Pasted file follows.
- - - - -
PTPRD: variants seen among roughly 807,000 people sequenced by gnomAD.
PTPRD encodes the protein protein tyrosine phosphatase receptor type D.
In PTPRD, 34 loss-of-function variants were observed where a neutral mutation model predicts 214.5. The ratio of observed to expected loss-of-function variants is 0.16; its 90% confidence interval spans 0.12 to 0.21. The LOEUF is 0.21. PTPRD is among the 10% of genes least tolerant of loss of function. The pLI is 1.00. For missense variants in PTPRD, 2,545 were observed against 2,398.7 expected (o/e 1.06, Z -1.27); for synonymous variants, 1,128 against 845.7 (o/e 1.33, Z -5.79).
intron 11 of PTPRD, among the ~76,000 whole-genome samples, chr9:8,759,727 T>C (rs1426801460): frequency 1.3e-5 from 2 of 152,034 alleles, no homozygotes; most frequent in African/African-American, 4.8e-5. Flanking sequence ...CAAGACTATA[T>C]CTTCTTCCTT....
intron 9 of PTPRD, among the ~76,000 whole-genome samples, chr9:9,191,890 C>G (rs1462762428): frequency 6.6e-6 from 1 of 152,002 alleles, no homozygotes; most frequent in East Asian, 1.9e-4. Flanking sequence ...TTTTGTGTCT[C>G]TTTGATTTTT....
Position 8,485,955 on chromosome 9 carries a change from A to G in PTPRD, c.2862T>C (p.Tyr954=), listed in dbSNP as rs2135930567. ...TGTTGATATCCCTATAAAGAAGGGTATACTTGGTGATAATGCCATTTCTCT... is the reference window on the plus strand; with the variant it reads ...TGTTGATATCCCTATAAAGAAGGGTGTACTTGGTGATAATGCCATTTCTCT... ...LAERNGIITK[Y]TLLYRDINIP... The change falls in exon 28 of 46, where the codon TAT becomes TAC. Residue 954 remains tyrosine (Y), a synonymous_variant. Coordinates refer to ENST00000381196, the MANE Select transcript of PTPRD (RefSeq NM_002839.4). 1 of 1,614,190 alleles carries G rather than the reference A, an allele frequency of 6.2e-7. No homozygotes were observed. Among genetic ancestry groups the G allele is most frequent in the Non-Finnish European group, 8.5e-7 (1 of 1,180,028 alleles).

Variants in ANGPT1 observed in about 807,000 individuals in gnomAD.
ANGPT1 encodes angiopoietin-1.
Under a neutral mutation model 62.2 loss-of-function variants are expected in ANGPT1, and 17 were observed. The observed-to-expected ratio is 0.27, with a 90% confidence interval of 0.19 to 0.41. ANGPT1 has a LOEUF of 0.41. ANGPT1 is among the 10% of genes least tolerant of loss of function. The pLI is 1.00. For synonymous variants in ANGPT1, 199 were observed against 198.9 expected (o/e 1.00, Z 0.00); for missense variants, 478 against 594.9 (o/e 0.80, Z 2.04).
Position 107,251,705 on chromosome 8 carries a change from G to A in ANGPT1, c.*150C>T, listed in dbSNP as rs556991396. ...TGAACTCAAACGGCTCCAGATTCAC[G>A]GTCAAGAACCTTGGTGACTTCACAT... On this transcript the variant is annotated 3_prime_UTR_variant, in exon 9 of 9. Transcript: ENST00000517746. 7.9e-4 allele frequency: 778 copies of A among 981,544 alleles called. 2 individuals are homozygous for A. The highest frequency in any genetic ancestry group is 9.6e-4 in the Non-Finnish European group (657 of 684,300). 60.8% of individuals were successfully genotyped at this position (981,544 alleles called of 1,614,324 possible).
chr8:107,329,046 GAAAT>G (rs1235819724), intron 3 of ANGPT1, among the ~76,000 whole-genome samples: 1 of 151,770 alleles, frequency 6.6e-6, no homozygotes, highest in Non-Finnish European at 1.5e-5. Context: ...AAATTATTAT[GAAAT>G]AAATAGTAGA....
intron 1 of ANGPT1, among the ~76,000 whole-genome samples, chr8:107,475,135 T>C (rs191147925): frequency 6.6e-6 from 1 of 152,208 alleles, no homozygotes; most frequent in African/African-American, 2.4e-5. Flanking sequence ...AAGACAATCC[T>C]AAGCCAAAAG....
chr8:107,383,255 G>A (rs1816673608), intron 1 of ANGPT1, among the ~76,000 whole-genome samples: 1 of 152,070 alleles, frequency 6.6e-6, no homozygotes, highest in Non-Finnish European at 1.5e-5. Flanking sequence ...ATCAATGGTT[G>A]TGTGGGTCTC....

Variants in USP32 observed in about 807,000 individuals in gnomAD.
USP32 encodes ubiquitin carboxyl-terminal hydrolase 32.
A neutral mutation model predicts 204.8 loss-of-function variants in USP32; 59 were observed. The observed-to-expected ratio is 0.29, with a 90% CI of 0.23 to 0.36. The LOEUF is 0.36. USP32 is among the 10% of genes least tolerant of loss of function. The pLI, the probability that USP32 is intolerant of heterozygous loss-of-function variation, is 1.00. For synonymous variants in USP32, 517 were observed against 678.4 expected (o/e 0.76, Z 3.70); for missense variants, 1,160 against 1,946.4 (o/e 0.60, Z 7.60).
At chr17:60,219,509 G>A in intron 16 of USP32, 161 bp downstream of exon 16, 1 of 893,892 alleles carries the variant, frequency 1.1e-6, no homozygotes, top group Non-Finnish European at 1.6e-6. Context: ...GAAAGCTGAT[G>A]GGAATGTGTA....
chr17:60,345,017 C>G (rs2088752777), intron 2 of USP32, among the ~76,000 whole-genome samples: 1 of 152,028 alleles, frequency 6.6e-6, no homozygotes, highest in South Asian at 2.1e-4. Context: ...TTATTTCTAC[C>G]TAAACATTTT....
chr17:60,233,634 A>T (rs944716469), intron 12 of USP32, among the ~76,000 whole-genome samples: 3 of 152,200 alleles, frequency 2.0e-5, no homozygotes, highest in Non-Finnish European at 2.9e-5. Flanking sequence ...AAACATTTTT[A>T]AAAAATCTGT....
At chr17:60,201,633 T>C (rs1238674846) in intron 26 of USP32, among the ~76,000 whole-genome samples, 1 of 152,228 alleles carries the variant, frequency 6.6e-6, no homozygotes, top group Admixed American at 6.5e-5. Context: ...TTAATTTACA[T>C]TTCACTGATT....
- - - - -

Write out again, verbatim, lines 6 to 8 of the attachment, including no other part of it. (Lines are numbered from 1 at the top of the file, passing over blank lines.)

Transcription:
Position 8,485,955 on chromosome 9 carries a change from A to G in PTPRD, c.2862T>C (p.Tyr954=), listed in dbSNP as rs2135930567. ...TGTTGATATCCCTATAAAGAAGGGTATACTTGGTGATAATGCCATTTCTCT... is the reference window on the plus strand; with the variant it reads ...TGTTGATATCCCTATAAAGAAGGGTGTACTTGGTGATAATGCCATTTCTCT... ...LAERNGIITK[Y]TLLYRDINIP... The change falls in exon 28 of 46, where the codon TAT becomes TAC. Residue 954 remains tyrosine (Y), a synonymous_variant. Coordinates refer to ENST00000381196, the MANE Select transcript of PTPRD (RefSeq NM_002839.4). 1 of 1,614,190 alleles carries G rather than the reference A, an allele frequency of 6.2e-7. No homozygotes were observed. Among genetic ancestry groups the G allele is most frequent in the Non-Finnish European group, 8.5e-7 (1 of 1,180,028 alleles).

Variants in ANGPT1 observed in about 807,000 individuals in gnomAD.
ANGPT1 encodes angiopoietin-1.